Rotary grant provides high tech tools for Boys & Girls Club

Courtesy photo: Children in the Elementary Center at the Boys & Girls Club of Brookings enjoy an activity for their “NASA: Mission to Mars” experience with a real astronaut via Zoom, thanks in part to technology provided by the Brookings Rotary Club.

BROOKINGS – Young people who participate in the Boys & Girls Club of Brookings have received an assist in technology as well as career preparation advice, thanks to the Brookings Rotary Club and Rotary International District 5610.

Supported by a special district grant opportunity offered in response to the pandemic’s impact on communities, the Brookings Rotary Club was able to purchase five computer screens, five televisions and support equipment with the grant, supplemented by club funds. In addition, club members and other community leaders were interviewed virtually by BGCB staff about various topics related to career preparedness, and those interviews are now available for the young people to review as part of their academic success programming options at BGCB.

“The BGCB implemented significant operational changes when the spread of the virus resulted in a heavy dependence on technology to continue quality programming, including academic success programs,” said Nicole Biever, the Rotarian who wrote the district grant. “Supplementing the technology options available helped the Boys & Girls Club provide needed additional equipment to offer virtual programming to our young people.” And even after all programming resumes in-person, the equipment will be used by teachers to help them assist and track progress of program participants, especially low- and average-achieving students.

The BGCB expressed gratitude for the gift. “The TVs and computers donated by Rotary have been such an asset to our Clubs this school year,” said Erinn Thomas, Teen Center director. “With the additional technology, our kids have had the opportunity to connect with their communities despite COVID-19 restrictions through online and Zoom programming. We have been able to talk to astronauts, learn from SDSU students, and even meet with pen pals across the country.”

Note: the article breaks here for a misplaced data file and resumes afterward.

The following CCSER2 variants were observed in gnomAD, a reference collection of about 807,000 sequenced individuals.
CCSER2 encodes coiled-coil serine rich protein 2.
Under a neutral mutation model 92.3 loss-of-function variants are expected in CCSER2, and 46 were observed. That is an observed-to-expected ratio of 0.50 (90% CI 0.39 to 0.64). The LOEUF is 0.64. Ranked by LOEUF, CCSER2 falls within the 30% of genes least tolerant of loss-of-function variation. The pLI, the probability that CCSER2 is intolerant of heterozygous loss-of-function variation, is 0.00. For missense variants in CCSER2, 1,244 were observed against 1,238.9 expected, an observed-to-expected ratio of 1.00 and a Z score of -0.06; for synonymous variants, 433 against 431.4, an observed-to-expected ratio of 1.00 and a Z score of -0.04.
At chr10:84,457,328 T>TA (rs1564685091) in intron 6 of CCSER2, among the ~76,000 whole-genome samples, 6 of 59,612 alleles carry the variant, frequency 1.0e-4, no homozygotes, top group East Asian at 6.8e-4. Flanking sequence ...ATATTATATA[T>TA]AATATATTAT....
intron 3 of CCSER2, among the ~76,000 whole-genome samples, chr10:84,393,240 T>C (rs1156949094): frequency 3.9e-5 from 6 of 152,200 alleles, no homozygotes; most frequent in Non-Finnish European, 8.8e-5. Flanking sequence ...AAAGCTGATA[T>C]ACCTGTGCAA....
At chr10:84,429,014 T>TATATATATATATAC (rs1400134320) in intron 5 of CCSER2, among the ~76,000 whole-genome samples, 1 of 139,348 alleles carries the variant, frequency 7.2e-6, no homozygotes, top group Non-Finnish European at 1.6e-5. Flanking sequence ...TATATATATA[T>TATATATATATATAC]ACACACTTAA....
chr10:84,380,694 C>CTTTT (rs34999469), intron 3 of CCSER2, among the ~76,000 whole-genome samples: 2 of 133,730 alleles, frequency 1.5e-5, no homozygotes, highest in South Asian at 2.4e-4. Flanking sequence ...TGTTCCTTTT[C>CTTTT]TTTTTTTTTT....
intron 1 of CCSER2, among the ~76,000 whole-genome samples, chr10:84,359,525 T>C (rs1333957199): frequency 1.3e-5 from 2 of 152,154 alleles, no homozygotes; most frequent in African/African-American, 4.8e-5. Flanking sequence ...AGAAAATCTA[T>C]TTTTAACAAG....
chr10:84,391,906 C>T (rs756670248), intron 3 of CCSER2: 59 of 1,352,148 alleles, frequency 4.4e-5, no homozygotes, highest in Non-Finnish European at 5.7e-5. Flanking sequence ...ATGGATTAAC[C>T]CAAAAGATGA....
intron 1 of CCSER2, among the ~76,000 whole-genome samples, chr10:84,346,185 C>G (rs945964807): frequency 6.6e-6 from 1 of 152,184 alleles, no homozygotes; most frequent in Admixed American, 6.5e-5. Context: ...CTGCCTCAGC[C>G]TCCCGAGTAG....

In addition to the equipment, valued at $2,000, Rotarians also stepped up to offer their real-world advice on career preparation. Six Rotarians and community leaders were interviewed, providing advice on the importance of academic preparation, community involvement and personal integrity as necessary components of workforce readiness. Participating in the hour-long interviews that are now available for students to view were Rotarians Rebecca Herman, Kay Norton, Yvette Campbell, Jackie Lanning and Don Norton. Also contributing time and expertise was Dan McColley.

“Our teens in Workforce Development enjoyed watching the Career Readiness videos filmed by Rotarians,” noted Thomas. “Having the opportunity to still be able to connect with community members despite all that’s going on was very beneficial. We are thankful for the additional resources to expose our kids to impactful programming outside our doors when it is unsafe or we are unable to physically do so!”

Rotary Club President Don Norton said this was another example of Rotarians collaborating with other organizations to improve community quality of life. “This grant was a great opportunity for the Brookings Rotary Club to help the young people in our community during a time that has been especially challenging for them,” said Club President Don Norton. “The project specifically addressed basic education and literacy, which is one of the six areas of service of Rotary International, and we were able to implement this assistance right here in our own community.”

The Brookings Rotary Club is part of Rotary International, a 116-year-old service organization with 35,000 clubs and more than 1.2 million members around the globe. The local club, which celebrated its centennial anniversary last year, meets at noon each Tuesday, currently via Zoom, and guests and prospective members are welcome.


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